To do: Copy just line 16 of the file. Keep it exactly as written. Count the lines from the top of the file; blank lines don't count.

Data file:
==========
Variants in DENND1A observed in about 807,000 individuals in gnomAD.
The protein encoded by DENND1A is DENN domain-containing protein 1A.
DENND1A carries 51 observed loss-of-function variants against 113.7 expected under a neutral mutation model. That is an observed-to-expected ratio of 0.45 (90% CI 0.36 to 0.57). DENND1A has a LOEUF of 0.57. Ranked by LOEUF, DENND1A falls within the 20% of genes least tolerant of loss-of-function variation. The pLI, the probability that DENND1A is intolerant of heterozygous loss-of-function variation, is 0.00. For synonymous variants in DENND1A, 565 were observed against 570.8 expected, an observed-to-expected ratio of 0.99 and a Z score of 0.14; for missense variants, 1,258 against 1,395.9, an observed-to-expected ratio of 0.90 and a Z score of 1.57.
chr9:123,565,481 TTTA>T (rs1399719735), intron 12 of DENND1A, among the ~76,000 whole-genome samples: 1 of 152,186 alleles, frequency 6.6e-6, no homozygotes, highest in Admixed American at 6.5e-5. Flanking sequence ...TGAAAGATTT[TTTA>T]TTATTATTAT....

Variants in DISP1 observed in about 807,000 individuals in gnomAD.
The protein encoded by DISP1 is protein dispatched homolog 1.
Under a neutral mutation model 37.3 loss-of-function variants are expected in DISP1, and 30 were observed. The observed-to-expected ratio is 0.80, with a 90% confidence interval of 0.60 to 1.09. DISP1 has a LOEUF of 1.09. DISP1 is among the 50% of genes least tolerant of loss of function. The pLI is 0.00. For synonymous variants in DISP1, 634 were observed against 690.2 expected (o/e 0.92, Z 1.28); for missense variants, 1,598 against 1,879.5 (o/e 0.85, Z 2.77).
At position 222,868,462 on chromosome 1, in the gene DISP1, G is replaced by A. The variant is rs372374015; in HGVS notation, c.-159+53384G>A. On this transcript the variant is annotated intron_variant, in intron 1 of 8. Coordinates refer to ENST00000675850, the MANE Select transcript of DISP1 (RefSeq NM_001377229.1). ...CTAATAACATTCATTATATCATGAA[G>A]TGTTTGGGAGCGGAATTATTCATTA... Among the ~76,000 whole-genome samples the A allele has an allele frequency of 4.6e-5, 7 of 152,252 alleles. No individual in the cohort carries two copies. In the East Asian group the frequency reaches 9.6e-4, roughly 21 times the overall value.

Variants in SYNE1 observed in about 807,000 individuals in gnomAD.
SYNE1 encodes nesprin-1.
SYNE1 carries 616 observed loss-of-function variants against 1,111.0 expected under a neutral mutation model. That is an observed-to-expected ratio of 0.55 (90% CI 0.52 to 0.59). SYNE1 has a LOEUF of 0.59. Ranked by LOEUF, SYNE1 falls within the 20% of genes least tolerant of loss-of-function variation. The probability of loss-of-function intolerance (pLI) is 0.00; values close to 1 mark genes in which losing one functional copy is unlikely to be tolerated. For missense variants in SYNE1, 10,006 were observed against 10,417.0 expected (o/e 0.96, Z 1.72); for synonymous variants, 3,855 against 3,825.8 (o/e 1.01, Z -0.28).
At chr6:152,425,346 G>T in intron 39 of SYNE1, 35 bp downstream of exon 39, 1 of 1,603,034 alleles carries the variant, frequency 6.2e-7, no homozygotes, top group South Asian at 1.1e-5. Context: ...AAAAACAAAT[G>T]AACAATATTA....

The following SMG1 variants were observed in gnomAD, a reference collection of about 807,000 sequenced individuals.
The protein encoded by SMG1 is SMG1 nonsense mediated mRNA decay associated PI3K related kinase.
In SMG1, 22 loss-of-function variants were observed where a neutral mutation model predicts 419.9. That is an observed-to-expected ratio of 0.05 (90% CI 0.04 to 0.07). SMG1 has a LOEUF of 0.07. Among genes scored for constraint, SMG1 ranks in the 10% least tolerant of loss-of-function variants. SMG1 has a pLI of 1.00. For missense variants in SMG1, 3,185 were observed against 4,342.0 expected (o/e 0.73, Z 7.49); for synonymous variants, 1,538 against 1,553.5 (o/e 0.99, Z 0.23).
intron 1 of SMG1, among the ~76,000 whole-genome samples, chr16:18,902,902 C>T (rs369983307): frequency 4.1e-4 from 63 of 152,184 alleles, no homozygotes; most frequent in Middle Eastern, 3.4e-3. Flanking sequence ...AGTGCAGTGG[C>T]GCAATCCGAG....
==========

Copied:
intron 1 of SMG1, among the ~76,000 whole-genome samples, chr16:18,902,902 C>T (rs369983307): frequency 4.1e-4 from 63 of 152,184 alleles, no homozygotes; most frequent in Middle Eastern, 3.4e-3. Flanking sequence ...AGTGCAGTGG[C>T]GCAATCCGAG....